Strength Training For The Aging Population

As a mobile physiotherapist, a large percentage of my patient demographic is aging or relatively deconditioned. The common presentations and questions posed may be
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Strength Training For The Aging Population

As a mobile physiotherapist, a large percentage of my patient demographic is aging or relatively deconditioned. The common presentations and questions posed may be familiar to you.

How do I increase my confidence walking around without falling? How do I reduce the discomfort in my knees/hips/ ankles (the list goes on)? How do I walk further? Why can’t I do what I used to be able to do?

Aging is associated with gradually losing muscle mass, strength, potency, and muscle resistance. Sarcopenia is a progressive loss of muscle mass and function that causes frailty, comorbidities, and mortality.


What is Sarcopenia?

Sarcopenia is the process of our body metabolising (getting rid of) its muscle mass as we age. It has been known to start as young as 30 but accelerates as we age. The process can be pretty slow or quick, depending on lifestyle factors such as resistance training, diet, and sleep.

As you can imagine, losing muscle mass causes a decrease in strength, power, and as a result, balance. This is where we commonly start seeing elderly or deconditioned people lose confidence and capacity in their day-to-day life. The cycle then accelerates because people start avoiding these activities that now seem pretty dangerous.

This can be as small as stopping walking on your weekly golf game and using a buggy because you can’t push the clubs around anymore or as drastic as being unable to get up from a chair throughout the day.

Being sedentary increases the rate of muscle mass loss and functional decline. It also can have a detrimental impact on pain and stiffness as the muscles that were assisting in supporting those painful and potentially arthritic joints are weakened and don’t have the same capacity as they used to.


The role of resistance or strength training in elderly populations

So, what can be done about this?

  • Strength training effectively increases muscle density and strength, as you would expect, even as we age. Interestingly it has also been shown to improve balance ability in groups that haven’t also done specific balance exercises.
  • Strength training has been shown to help you manage your weight while also alleviating the symptoms of diabetes, osteoporosis, back pain, and depression. Strength training also promotes a faster metabolism and better glucose control.
  • Chronic diseases such as cardiovascular disease, diabetes, and COPD are common among the elderly. Regular resistance training has also been shown to improve the health status of people with these conditions, particularly regarding the quality of life and functional capacity.
  • Exercises to test coordination and balance should be included in resistance training. This includes exercises like standing on an unstable surface like foam and performing exercises like bicep curls or squats while maintaining balance. This type of training will aid in preventing falls by improving balance and coordination and significantly improving functional capacity in the elderly.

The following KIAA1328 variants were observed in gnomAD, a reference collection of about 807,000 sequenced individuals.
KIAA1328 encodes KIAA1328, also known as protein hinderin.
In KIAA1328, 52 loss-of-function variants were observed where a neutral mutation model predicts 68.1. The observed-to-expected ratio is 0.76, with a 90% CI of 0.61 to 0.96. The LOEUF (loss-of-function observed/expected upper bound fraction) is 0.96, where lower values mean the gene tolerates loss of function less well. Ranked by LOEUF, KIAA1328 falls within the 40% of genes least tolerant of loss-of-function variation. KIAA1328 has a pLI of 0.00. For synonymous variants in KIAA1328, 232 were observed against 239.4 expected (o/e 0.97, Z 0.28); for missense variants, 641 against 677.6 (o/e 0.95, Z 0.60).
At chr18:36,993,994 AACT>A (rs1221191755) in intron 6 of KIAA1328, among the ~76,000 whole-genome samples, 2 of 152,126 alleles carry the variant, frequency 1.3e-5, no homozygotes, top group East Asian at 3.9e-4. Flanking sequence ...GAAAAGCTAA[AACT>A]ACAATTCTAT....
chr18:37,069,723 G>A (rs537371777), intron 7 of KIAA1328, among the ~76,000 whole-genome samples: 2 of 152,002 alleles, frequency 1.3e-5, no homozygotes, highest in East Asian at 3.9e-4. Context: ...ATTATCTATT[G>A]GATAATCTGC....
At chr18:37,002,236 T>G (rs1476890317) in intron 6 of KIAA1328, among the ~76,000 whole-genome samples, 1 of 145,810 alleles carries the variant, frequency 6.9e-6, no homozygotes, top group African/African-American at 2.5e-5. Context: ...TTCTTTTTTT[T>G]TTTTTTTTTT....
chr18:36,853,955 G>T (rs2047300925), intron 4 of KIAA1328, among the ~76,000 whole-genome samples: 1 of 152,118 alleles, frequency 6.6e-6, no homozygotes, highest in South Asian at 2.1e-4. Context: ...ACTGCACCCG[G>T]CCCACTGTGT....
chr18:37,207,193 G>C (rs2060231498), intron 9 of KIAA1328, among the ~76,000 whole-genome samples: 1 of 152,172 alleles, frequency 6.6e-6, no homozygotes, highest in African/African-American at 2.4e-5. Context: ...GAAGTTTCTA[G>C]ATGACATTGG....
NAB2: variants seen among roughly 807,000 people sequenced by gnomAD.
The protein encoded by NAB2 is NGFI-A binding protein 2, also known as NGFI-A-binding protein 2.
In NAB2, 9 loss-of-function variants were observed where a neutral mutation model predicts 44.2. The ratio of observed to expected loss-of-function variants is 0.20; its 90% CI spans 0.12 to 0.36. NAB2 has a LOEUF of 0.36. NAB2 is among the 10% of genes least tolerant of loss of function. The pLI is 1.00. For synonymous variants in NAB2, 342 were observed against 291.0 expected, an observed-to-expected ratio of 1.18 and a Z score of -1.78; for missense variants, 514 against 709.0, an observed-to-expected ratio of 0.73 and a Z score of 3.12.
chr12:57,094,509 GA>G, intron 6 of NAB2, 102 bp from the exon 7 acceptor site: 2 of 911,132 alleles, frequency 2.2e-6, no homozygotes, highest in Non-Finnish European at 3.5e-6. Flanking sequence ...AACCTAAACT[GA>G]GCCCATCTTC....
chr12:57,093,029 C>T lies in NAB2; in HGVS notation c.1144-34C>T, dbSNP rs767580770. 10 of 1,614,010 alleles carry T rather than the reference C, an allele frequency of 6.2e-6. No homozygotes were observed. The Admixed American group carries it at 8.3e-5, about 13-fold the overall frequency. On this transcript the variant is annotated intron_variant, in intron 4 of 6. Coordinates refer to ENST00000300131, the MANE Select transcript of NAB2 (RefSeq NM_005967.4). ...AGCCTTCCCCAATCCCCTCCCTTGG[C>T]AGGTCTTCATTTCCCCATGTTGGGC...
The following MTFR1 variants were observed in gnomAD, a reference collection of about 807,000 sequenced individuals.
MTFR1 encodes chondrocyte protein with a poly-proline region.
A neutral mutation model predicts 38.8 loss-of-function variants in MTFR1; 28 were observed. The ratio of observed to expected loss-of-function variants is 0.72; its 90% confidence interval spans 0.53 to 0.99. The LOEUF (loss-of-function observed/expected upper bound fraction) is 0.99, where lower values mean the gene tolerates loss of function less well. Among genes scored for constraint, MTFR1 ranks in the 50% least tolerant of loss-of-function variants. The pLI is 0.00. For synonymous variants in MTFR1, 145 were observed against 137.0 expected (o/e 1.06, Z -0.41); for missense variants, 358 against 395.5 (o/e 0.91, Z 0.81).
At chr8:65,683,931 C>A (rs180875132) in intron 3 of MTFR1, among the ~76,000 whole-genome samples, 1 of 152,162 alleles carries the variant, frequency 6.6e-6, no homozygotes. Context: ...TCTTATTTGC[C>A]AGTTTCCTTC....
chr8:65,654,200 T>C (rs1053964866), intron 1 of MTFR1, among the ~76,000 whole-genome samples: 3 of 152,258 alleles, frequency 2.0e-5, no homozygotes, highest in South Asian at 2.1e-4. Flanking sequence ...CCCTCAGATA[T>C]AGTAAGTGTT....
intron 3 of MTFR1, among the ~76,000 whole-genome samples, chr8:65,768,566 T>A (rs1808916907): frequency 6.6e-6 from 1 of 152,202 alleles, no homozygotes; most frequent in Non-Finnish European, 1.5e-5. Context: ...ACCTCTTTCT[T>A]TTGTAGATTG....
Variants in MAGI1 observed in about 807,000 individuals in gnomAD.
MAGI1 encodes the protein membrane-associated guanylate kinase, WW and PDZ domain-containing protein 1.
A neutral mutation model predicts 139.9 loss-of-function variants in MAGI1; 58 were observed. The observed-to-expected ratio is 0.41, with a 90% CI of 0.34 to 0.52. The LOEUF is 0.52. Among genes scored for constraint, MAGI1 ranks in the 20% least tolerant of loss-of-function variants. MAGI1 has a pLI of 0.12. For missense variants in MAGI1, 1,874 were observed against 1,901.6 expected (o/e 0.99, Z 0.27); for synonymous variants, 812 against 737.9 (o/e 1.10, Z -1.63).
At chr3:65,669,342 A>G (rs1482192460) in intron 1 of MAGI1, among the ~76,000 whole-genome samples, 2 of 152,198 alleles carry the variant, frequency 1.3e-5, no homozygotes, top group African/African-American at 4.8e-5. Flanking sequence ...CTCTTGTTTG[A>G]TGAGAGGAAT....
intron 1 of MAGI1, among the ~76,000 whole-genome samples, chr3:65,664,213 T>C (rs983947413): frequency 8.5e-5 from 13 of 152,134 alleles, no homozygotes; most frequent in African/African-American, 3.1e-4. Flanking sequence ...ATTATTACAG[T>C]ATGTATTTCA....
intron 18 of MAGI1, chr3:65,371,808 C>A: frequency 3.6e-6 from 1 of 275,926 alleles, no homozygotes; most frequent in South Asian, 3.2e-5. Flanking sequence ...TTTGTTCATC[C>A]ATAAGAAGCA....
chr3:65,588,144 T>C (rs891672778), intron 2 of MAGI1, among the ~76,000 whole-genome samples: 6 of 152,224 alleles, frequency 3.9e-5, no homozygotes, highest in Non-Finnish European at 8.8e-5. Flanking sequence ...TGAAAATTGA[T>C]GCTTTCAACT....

• Within time-limited clinical pathways, resistance exercise training could improve overall health.

Strength Training For The Aging Population

As a result, this type of exercise is my preferred front-line treatment for almost all ailments in the elderly, whether it be balance, physical activity endurance issues, or pain and stiffness.

The key to this exercise being effective is finding an exercise that is difficult but not impossible. In the same way, as you wouldn’t give a 2nd grader a complex algebra equation to solve or a 10th grader simple addition and subtraction to increase their maths ability, you won’t be giving a 90-year-old a 50kg back squat.

Tailoring the exercise towards specific goals and ensuring that it is consistently challenging enough to ensure you are improving and progressing your ability is the key to making resistance training effective.


Is strength training effective for 70-year-olds?

Indeed, numerous studies show that seniors over 70 can benefit from regular strength training in the same way that young adults do. Before beginning a new strength training routine, seniors should consult their doctor.

The American College of Sports Medicine recommends weight training for all people over 50, and even those in their 90s can benefit. You may notice that your balance improves, your walking pace quickens, and climbing stairs becomes more accessible, making you less likely to fall.

 Strength Training For The Aging Population

Final thoughts on strength training for the aging population

Physical activity levels in the elderly population decline with age. This affects not only the intensity of the exercise but also its duration, resulting in difficulties performing daily tasks and a general decrease in quality of life.

This level of physical inactivity is regarded as one of the leading causes of obesity, mortality, and functional disability in the elderly.

If you or anyone you know are struggling more with any of the above issues or the idea of beginning a tailored strength training program, please get in touch with us at Home Physio Melbourne to come out where you are and help get you started!


Book an appointment with us today! Our team of experts will lead you down the best treatment path for your condition.


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